The big problem landlords face is delivering telecom choice to tenants in the wake of telecom failings. Less choice means higher costs for both landlords and tenants, and regional broadband costs can vary widely. Pricing depends on competition and regulations in a particular area.

For example, a building might pay a $400 monthly fee for a T-1 circuit in California and $1,800 for the same circuit in Colorado, Krell notes. Factors such as speed, capacity and the number of users on the network also impact the bottom line.

The major selling point

Today's investment in broadband wiring may pay off tomorrow. Broadband capabilities can give wired buildings an edge over other downtown competitors. Owner TrizecHahn recently signed agreements to bring fiber and T-1 lines to Metropolitan Square and St. Louis Place, both major office buildings in downtown St. Louis. “That is something we use to market to tenants downtown,” says Mosby of Colliers, which handles the leasing of the properties.

In addition, as the economy improves, the high-tech infrastructure also may allow firms to charge higher rents in the future. “Right now, because everyone is trying to get any tenant they can, it is difficult to use technology to raise rents,” Mosby admits. “What it does give you is an added amenity in this market.”

Broadband is an essential amenity at One Financial Place in downtown Chicago. The building is home to the Chicago Stock Exchange and adjacent to the Chicago Board of Options Exchange. Nine different telecom firms service the building.

According to Mark Collins, general manager of One Financial Place and senior vice president at Jones Lang LaSalle, not only do some tenants use one and two providers, but some need three.

The firm even built a telecom room to house the providers' equipment, recouping that investment by charging the tech firms a license fee for building access.

The One Financial Place management team recognized the demand for greater connectivity and began contracting with various providers about a year ago. “We have created an à la carte menu where tenants have a choice of several providers,” Collins notes. “The only issue that we have is the viability of providers.”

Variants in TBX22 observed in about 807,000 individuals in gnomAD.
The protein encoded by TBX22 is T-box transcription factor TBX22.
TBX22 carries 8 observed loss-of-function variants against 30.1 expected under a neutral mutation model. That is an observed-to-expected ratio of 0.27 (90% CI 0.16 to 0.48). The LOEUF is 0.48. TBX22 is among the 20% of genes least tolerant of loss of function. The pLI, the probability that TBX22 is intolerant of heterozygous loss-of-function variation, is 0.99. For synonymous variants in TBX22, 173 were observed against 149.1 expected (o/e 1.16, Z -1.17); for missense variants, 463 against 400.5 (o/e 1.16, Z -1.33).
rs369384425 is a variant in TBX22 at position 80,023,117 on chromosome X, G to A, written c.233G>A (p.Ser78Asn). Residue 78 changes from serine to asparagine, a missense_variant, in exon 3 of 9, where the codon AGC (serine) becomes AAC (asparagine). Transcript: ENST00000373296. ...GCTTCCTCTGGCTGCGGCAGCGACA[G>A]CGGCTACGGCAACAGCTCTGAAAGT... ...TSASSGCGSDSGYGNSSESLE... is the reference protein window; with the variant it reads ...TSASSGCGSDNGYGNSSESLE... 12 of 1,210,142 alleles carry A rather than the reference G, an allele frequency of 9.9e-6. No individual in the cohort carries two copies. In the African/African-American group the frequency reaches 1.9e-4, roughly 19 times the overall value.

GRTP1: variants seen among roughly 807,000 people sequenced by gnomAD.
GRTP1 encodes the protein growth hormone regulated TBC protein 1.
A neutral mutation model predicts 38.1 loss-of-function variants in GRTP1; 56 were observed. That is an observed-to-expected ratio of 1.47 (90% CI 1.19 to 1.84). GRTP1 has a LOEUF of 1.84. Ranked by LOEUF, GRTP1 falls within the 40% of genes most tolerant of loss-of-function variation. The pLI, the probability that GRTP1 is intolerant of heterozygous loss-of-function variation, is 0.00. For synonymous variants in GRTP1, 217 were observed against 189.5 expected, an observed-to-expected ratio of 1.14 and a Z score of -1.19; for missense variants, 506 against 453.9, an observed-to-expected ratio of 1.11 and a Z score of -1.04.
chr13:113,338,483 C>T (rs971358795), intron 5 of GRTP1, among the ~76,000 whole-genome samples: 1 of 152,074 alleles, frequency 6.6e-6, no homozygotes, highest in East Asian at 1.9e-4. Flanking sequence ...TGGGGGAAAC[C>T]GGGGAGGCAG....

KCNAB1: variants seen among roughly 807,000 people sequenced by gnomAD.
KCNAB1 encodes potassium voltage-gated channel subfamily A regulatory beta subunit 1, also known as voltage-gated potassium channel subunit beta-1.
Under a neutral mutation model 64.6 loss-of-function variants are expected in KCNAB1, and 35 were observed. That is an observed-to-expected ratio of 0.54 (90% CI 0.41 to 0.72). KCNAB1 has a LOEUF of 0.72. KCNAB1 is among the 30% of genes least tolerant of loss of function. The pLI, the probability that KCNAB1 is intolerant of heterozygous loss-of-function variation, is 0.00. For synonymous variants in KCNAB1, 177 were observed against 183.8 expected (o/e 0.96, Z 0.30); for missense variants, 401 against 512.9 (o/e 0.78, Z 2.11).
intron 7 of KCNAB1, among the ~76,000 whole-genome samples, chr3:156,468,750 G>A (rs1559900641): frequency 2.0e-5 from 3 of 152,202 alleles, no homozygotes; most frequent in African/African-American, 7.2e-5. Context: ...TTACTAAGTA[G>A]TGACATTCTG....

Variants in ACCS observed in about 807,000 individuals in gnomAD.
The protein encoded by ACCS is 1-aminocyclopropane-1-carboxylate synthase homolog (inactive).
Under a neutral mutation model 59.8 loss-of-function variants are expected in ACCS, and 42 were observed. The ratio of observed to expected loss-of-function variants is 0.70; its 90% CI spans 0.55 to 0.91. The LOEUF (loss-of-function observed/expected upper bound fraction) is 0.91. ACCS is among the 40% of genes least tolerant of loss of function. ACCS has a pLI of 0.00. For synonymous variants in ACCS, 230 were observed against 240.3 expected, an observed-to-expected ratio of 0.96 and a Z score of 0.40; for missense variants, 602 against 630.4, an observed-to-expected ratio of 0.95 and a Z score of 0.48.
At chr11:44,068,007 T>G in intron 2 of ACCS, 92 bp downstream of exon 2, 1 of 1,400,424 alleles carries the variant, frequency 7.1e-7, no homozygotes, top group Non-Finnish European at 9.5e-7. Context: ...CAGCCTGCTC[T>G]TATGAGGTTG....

For example, One Financial Place broadband provider Winstar Communications was one of many telecom casualties of the 2001 tech wreck that filed for Chapter 11 in 2001. However, the firm was later acquired by Newark, N.J.-based IDT Corp., and continues to service tenants despite its financial problems.

“When we look at a provider who is coming into the building, we look at whether it has the financial wherewithal to be a long-term provider,” Collins says. Although the landlord is not directly affected by a provider's bankruptcy, bringing in reputable firms is a way for owners to maintain seamless, quality service, thus keeping their tenants happy.

Down but not out

Initially, owners envisioned making a lot of money with broadband through revenue sharing with service providers or the ability to capture higher tenant rents, says Julie Middleton, vice president of real estate at Silver Spring, Md.-based CityNet Telecommunications Inc. CityNet is a broadband infrastructure company that bridges the last-mile divide by building fiber optic networks that connect directly into buildings. But when tech firms started going bankrupt, a lot of real estate people were afraid to touch broadband, she notes. “I'm not sure what it [the broadband landscape] is going to look like when everything is settled down, but broadband is not going to go away,” she says.

According to Middleton, tenants will require broadband connectivity in the future, so tech firms are focusing on re-educating the real estate industry on the value of the technology.

“Business does rely on the Internet, and if the Internet is going to be effective, you're going to have to have bandwidth sufficient in buildings for tenants to operate,” Middleton says.

Tenants are increasingly reliant on technology that requires high-speed connections such as video-conferencing, e-procurement, computer networking and Web-based software applications.

Focus on service

One of the big promises many telecom firms made initially was that landlords would share in significant revenues by providing broadband access. Now, the prospects of revenue generation have been replaced by a more pressing need. “We had to relearn that our job is basically to attract and retain tenants,” Best says.

According to Best, landlords can meet the needs of tenants by creating an open marketplace that offers several choices. “We constantly need to be reminded that we are in the business of providing effective workspace for tenants,” he says. “Our first job is to find out what tenants need in terms of connectivity, and then get it to them.”

Rather than going into the broadband business, landlords should focus on managing the broadband infrastructure, adds Hipschman. “Smart landlords are managing facilities and letting tenants do their own deals,” he says. “What landlords are doing is basically saying, ‘We want our buildings to be able to accommodate whatever our tenants need.’ ”

Beth Mattson-Teig is a Minneapolis-based writer.

Broadband satisfies industry's need for speed

BROADBAND'S ABILITY TO multi-task is its main attraction. Broadband networks are able to carry several services, such as text, graphics, audio and video at the same time, using two basic mediums: copper wiring — used for basic phone lines and cable TV — and fiber optics.